The LBR and STBR instructions, as well as the LBRA instruction, have the format of a conventional memory-reference instruction. The LBRA instruction, instead of disturbing the contents of the location it refers to, merely places its address in the base register whose number is indicated by the dR field.
The instruction format shown as "Alternate" applies to the ECS instruction. It is a branch instruction, as can be seen from the presence of a jB (jump base) field. The fields iM and fM have the following significance:
iM fM 00 000 one-byte integer 01 001 two-byte (halfword) integer 10 010 four-byte (32-bit) integer 11 011 eight-byte (64-bit) integer 100 (not used) 101 four-byte floating-point number 110 eight-byte floating-point number 111 sixteen-byte floating-point number
and the target of the jump is a program written in a condensed-format instruction set in which only a single bit, instead of three bits, specify operand type.
Two instruction formats are available: one where the memory address consists of a single byte, indicating one of 256 operands having the type required for the instruction in a memory area pointed to by base register zero (which is otherwise unused), and one where the source operand is a register, and the destination operand is always register zero.
The two instruction formats used are shown here:
The opcode consists of the last four bits of the seven-bit opcode associated with the instruction type, or the last three bits for floating-point types.
Thus, the opcodes represent the following instructions:
0000 0 IPC Insert Primary Condensed 0001 0 CPC Compare Primary Condensed 0010 0 LPC Load Primary Condensed 0011 0 STPC Store Primary Condensed 0100 0 APC Add Primary Condensed 0101 0 SPC Subtract Primary Condensed 0110 0 MPC Multiply Primary Condensed 0111 0 DPC Divide Primary Condensed 1000 0 NPC AND Primary Condensed 1001 0 OPC OR Primary Condensed 1010 0 XPC XOR Primary Condensed 1011 0 SWPC Swap Primary Condensed 1100 0 ULPC Unsigned Load Primary Condensed 1110 0 MEPC Multiply Extensibly Primary Condensed 1111 0 DEPC Divide Extensibly Primary Condensed 0000 1 ISC Insert Secondary Condensed 0001 1 CSC Compare Secondary Condensed 0010 1 LSC Load Secondary Condensed 0011 1 STSC Store Secondary Condensed 0100 1 ASC Add Secondary Condensed 0101 1 SSC Subtract Secondary Condensed 0110 1 MSC Multiply Secondary Condensed 0111 1 DSC Divide Secondary Condensed 1000 1 NSC AND Secondary Condensed 1001 1 OSC OR Secondary Condensed 1010 1 XSC XOR Secondary Condensed 1011 1 SWSC Swap Secondary Condensed 1100 1 ULSC Unsigned Load Secondary Condensed 1110 1 MESC Multiply Extensibly Secondary Condensed 1111 1 DESC Divide Extensibly Secondary Condensed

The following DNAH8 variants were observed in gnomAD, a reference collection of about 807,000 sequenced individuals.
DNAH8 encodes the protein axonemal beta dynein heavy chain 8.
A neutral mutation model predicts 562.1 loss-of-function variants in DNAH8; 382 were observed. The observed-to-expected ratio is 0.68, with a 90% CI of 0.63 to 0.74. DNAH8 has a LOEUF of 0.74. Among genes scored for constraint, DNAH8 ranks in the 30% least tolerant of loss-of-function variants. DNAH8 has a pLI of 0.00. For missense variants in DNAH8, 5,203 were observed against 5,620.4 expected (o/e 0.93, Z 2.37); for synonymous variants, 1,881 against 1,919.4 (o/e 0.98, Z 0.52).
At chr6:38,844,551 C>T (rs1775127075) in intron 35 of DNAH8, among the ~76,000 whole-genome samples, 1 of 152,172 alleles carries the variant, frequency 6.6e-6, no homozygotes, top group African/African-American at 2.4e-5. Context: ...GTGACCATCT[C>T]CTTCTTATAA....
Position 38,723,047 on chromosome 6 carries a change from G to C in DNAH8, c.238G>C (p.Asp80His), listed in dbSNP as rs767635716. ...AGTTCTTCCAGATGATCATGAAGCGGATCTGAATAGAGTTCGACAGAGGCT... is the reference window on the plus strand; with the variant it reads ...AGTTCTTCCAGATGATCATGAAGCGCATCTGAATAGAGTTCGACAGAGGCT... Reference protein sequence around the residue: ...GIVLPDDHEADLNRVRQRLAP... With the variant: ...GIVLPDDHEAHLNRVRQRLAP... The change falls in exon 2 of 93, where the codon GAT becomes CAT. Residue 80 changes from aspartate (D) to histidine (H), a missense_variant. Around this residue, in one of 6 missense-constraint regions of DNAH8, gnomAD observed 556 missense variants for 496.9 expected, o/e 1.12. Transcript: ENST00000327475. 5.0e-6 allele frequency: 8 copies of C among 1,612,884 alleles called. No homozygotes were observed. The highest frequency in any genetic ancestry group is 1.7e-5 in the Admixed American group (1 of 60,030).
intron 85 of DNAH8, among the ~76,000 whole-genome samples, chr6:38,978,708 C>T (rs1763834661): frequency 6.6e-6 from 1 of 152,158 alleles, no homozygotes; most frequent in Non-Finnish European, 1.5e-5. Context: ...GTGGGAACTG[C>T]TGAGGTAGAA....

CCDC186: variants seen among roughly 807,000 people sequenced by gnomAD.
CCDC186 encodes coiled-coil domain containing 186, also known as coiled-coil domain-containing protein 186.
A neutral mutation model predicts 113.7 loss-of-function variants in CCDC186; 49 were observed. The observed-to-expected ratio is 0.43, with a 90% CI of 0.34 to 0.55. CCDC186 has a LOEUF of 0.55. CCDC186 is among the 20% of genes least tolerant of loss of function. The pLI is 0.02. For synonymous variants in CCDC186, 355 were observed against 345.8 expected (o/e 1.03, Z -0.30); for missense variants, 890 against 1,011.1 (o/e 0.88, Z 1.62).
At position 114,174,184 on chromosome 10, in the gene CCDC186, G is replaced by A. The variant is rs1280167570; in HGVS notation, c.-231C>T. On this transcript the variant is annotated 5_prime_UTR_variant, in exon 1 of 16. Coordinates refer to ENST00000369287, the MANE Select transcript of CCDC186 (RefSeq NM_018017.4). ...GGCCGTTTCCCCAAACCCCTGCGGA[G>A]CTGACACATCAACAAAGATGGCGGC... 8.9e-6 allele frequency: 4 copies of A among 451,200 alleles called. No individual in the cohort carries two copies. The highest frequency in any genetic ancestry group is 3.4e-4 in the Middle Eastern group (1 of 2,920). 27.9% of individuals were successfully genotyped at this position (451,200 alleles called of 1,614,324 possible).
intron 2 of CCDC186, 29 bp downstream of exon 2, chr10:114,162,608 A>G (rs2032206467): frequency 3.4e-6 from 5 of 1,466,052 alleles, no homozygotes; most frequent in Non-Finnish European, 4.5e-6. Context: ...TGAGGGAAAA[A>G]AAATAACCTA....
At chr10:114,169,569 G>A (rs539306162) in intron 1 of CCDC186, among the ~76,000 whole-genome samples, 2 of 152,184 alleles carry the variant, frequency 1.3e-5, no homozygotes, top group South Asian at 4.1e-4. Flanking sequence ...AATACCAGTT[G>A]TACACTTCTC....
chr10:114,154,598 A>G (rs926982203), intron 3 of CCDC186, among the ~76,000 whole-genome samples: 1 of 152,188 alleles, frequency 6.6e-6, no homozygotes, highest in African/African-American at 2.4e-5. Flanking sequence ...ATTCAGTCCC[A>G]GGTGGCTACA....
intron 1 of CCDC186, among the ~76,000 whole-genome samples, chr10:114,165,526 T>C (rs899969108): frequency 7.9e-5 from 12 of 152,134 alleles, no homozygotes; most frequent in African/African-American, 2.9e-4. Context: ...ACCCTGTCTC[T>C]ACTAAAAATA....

followed by an additional R for Register where a short-format instruction, occupying a single byte, is to be assembled.
Opcode 1101 indicates several possible operations, depending on the following dR or sR field:
1101 0 000 NOPCR No Operation Condensed Register no operation 1101 0 010 * XNX Execute Next Indexed 1101 0 100 CLIR Condensed Long Instructions Register switch to 16-bit instructions 1101 0 101 CSI Condensed Short Instructions switch to 8-bit instructions 1101 0 111 RCB Return from Condensed Block RCBR Return from Condensed Block Register return from condensed instruction block 1101 1 nzp * LBC Loop Back Condensed loop back 0-255 16-bit halfwords if negative/zero/positive
Instructions marked with an asterisk do not require a preceding CLIR instruction, even though they are in 16-bit format, when executed following short format instructions. All except LBC also cause an implied CLIR for the interpretation of following instructions.
The last three bits of the 8-bit operand of the XNX instruction indicate which arithmetic/index register acts as an index register for the following instruction.
Thus, the ECS instruction allows subroutines to be executed which take up less memory than subroutines in the regular instruction set, allowing longer algorithms to fit in cache.
Of course, there are many aspects to the architecture of a computer besides its instruction set.Keyboards